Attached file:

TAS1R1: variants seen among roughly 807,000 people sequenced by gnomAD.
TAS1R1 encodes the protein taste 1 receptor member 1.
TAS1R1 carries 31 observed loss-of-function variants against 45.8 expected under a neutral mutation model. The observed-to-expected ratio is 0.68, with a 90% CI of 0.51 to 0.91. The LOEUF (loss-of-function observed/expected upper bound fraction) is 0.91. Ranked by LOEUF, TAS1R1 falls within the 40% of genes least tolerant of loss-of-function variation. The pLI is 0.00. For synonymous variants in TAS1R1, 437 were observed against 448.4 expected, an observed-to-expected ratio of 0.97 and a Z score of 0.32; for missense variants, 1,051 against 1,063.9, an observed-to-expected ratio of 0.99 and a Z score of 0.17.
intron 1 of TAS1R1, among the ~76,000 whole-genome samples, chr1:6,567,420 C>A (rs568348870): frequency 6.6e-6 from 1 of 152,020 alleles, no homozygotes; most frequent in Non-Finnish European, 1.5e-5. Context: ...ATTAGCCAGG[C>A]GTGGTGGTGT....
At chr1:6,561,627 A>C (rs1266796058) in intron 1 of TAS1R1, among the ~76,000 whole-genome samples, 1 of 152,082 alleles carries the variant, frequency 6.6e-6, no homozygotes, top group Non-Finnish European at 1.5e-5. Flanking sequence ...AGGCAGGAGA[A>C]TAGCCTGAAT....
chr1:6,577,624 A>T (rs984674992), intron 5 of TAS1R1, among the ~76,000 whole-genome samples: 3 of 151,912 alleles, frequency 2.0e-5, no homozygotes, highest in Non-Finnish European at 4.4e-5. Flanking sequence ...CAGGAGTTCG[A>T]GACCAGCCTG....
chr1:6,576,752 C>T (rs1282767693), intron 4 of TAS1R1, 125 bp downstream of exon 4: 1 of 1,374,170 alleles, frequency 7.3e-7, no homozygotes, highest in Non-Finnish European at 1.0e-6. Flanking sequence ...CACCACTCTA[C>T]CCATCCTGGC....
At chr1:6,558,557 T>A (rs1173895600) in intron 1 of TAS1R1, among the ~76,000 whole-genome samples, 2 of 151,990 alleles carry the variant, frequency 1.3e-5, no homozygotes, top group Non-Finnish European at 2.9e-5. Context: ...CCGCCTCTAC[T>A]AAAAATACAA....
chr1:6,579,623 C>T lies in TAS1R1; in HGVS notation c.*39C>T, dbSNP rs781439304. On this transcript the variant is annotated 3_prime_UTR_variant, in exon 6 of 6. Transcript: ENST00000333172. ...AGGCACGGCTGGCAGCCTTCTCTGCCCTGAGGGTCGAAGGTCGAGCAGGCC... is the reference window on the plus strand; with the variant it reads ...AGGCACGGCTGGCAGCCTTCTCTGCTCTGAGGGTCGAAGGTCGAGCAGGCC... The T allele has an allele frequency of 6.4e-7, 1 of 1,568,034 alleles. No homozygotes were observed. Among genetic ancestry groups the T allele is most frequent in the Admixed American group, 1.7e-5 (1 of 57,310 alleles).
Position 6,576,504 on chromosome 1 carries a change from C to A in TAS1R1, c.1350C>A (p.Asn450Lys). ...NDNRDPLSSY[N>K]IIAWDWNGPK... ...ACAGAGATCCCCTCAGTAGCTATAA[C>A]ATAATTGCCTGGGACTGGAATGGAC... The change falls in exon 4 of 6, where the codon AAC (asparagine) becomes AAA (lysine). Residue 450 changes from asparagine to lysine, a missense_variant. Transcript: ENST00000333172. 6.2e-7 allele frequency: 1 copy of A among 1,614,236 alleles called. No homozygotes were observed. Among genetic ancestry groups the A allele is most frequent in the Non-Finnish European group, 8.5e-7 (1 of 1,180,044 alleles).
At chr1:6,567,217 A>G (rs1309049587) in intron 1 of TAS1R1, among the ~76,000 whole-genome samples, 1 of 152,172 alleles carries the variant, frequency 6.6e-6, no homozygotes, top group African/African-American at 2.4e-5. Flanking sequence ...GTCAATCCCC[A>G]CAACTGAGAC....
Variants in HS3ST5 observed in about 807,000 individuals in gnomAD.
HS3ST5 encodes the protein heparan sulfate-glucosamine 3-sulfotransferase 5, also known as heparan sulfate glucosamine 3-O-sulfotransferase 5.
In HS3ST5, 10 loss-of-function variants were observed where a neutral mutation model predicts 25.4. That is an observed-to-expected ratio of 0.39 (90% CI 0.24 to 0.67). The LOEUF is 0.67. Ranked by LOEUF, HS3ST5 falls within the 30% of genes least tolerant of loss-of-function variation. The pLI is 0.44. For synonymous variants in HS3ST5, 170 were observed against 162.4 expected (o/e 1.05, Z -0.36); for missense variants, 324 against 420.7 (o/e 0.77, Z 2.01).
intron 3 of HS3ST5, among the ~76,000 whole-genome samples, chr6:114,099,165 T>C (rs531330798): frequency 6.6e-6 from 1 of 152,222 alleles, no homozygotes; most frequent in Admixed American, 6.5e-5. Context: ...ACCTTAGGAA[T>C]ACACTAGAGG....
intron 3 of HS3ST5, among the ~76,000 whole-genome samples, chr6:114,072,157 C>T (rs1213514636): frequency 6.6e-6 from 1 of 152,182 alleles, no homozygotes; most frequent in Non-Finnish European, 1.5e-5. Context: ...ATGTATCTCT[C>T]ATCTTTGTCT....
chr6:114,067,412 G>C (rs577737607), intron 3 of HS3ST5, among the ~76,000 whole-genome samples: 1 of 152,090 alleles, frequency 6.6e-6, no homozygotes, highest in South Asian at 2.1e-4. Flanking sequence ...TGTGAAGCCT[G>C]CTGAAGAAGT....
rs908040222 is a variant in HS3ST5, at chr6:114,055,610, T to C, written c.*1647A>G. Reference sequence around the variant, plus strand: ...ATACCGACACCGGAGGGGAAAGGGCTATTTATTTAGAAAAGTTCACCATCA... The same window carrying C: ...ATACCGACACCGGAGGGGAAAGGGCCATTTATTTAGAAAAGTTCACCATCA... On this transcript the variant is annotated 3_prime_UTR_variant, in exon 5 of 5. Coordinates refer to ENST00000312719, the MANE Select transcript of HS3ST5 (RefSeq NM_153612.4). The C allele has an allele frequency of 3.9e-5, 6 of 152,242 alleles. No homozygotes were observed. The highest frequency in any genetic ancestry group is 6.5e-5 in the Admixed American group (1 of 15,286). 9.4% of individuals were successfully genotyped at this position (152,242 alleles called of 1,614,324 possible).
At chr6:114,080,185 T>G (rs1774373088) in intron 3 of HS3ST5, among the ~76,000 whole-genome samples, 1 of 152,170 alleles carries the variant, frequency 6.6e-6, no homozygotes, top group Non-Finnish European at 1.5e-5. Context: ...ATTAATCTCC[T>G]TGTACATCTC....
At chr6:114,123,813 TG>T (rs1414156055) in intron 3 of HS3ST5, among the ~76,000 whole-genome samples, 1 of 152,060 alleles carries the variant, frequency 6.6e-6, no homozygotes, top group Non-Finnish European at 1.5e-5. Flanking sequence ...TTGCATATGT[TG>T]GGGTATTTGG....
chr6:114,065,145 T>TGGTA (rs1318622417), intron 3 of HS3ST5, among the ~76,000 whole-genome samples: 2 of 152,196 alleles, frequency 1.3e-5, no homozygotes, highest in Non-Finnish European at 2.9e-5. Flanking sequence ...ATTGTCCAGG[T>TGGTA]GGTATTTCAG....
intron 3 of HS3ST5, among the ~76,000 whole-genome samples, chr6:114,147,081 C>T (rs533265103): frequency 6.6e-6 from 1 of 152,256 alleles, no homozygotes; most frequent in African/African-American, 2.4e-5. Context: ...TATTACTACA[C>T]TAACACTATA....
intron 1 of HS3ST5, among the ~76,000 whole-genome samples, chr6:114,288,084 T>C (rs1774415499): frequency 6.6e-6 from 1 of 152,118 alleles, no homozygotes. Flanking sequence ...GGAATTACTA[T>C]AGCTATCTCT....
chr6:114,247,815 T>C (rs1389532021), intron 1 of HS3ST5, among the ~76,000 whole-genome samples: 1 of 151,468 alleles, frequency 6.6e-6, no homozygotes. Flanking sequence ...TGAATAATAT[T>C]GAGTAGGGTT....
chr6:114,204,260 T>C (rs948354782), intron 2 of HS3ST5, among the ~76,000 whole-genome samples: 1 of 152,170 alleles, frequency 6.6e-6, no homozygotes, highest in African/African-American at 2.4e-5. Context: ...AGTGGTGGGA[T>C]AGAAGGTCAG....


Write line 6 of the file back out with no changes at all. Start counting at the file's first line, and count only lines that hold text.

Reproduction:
chr1:6,577,624 A>T (rs984674992), intron 5 of TAS1R1, among the ~76,000 whole-genome samples: 3 of 151,912 alleles, frequency 2.0e-5, no homozygotes, highest in Non-Finnish European at 4.4e-5. Flanking sequence ...CAGGAGTTCG[A>T]GACCAGCCTG....